So, where are these Aran Hills then? I Have to confess that for years I didn’t have a clue where they were, and I didn’t get round to tracking them down until a year or two ago. It was only in the last month that I actually got my boots on the ground, and discovered yet another hidden corner of Wales, ignored by many.
The valley of Cwm Cywarch has one of the narrowest roads in Wales – it doesn’t need to be bigger as there are only a handful of farms in the length of the valley. For connoisseurs of remote ‘trad’ style rock climbing, there is the additional attraction of Craig Cywarch, about 2kms of imposing steep rock with a climbers’ hut (Bryn Hafod) below. The valley head is also the springboard for exploring the Aran Hills from the south
The day had started with a dental appointment for Chris – following the fun and excitement of that, she had decided against a hill day, but Border Collie ‘Mist’ was happy to make up the numbers. I started up a gradually rising path heading for a big grassy plateau below Drysgol, with great views back towards Craig Cywarch and the upper part of Cwm Cywarch.
The height gain was easy, but there was still more to come. Drysgol was passed with the Aran Ridge coming into view as I headed for the memorial cairn at Drws Bach. The cairn was built by members of the Royal Air Force mountain rescue team of St Athan, in memory of team member Mike Aspain who was killed by lightning whilst training with the team in June 1960. Serious accidents to rescue team members are thankfully rare, but I paused here a while before heading on to what was, literally, the high point of the day – Aran Fawddwy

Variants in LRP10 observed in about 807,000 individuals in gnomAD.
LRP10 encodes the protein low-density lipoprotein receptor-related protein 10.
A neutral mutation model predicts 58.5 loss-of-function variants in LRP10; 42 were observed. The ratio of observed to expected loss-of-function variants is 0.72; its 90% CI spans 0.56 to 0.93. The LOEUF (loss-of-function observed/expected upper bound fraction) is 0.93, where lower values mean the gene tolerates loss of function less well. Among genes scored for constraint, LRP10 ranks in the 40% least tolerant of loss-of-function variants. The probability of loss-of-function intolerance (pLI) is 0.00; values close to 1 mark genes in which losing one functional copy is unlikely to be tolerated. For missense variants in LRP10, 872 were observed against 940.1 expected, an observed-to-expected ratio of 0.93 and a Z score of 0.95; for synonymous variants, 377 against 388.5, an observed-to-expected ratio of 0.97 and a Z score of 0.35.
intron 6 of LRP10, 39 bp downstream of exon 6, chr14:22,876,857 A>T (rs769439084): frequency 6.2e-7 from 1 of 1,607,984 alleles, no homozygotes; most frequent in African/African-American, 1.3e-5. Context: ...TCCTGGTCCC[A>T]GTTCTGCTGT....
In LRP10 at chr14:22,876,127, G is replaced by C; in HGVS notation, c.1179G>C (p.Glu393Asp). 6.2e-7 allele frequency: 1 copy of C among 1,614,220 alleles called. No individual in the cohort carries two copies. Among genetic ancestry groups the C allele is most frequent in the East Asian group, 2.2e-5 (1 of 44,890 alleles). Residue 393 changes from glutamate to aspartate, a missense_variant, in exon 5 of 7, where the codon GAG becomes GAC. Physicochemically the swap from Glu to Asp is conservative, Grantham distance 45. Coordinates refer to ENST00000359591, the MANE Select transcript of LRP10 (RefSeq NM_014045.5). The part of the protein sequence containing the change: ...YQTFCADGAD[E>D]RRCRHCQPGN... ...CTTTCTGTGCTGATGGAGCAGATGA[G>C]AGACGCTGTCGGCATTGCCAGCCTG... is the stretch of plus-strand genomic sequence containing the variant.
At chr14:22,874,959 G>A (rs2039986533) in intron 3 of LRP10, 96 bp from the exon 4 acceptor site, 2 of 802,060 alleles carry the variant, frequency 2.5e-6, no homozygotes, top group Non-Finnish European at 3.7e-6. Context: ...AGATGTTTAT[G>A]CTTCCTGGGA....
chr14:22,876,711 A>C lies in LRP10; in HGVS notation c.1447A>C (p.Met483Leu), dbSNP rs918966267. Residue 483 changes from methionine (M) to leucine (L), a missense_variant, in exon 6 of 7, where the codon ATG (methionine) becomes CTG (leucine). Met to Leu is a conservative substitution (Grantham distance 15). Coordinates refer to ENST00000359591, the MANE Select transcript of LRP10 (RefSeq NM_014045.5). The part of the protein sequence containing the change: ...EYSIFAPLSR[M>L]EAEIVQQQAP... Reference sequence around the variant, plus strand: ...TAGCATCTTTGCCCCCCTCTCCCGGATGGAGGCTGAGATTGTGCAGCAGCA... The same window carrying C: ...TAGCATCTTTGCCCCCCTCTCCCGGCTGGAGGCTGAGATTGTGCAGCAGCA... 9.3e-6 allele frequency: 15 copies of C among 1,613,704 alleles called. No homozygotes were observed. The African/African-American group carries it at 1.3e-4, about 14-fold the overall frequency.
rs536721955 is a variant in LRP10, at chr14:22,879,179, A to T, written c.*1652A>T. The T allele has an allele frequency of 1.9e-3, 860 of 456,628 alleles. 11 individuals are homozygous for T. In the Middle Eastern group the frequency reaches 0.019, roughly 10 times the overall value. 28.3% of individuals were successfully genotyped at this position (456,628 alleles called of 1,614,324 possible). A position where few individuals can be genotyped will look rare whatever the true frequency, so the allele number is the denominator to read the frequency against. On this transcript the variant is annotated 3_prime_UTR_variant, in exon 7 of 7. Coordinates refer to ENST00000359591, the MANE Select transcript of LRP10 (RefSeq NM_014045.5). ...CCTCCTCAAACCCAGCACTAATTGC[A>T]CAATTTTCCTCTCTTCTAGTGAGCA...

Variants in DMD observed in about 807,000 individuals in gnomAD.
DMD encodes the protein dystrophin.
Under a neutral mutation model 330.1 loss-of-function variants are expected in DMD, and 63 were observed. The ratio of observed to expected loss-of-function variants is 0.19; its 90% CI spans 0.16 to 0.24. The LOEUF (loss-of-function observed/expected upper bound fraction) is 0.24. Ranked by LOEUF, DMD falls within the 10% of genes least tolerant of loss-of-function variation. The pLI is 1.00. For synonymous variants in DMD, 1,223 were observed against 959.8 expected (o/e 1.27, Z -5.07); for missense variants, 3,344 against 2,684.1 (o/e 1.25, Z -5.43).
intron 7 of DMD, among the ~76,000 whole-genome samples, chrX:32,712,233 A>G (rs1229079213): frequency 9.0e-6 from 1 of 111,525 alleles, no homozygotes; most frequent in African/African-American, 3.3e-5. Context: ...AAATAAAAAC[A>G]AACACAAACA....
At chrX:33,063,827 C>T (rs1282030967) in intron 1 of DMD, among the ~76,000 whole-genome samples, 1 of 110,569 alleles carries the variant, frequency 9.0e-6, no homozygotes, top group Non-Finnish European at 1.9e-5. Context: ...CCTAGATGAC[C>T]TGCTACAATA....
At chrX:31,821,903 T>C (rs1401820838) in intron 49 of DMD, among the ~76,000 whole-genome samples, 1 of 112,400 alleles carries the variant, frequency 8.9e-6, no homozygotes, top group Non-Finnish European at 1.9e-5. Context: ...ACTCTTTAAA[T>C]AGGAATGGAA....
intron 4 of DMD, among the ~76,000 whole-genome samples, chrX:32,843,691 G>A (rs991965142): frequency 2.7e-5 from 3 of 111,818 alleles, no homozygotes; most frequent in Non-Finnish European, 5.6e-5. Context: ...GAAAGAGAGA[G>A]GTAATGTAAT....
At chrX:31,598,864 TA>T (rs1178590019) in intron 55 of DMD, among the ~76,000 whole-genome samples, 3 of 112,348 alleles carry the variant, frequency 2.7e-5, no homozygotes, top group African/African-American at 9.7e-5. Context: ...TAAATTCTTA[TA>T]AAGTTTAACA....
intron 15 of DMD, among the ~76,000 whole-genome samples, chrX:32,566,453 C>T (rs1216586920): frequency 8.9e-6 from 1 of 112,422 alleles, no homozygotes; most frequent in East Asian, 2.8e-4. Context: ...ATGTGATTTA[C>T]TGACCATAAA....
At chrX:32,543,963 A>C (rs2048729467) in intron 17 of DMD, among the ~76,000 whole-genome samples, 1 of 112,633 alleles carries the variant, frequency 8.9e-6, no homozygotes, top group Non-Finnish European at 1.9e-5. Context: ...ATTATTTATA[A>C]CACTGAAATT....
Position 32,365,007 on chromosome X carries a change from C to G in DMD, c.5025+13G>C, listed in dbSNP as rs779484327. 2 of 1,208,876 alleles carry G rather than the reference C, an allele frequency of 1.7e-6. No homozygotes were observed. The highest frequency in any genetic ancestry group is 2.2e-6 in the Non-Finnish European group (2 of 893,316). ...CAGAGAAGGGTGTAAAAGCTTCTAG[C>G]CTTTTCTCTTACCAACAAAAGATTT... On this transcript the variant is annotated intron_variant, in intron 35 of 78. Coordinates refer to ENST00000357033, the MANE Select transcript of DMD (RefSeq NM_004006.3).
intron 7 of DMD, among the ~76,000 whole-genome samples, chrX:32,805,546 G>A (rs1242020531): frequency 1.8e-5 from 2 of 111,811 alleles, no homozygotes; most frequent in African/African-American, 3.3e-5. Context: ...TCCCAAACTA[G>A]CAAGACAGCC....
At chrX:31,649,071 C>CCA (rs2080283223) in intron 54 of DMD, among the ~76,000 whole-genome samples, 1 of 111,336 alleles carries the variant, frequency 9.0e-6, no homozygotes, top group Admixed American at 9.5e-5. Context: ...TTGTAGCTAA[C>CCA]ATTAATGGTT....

With an altitude of 905 metres, Aran Fawddwy is the 16th highest peak in Wales. It is a mere 9 metres (30 ft) short of reaching the old yardstick of 3000 ft, which is probably a good thing for all concerned – the 15 Welsh peaks above 3000 ft can all be done in a fairly long and strenuous day, but Aran Fawddwy is more than 40kms (25 miles) from the Snowdon hills as the crow flies. Had this peak been added to the ‘Welsh 3000’s’ it would have presented an insurmountable challenge for most ordinary mortals.
The summit cleared of mist long enough for a quick photograph, before I set off down the line of the ridge heading southwest towards Glasgwm – that would have to wait for the next day though, so I turned down the valley, heading down to the hut at Bryn Hafod. I had seen just one other person all day – yes, that missing 9 metres on Aran Fawddwy is definitely a good thing.
To be continued ….
Text and images © Paul Shorrock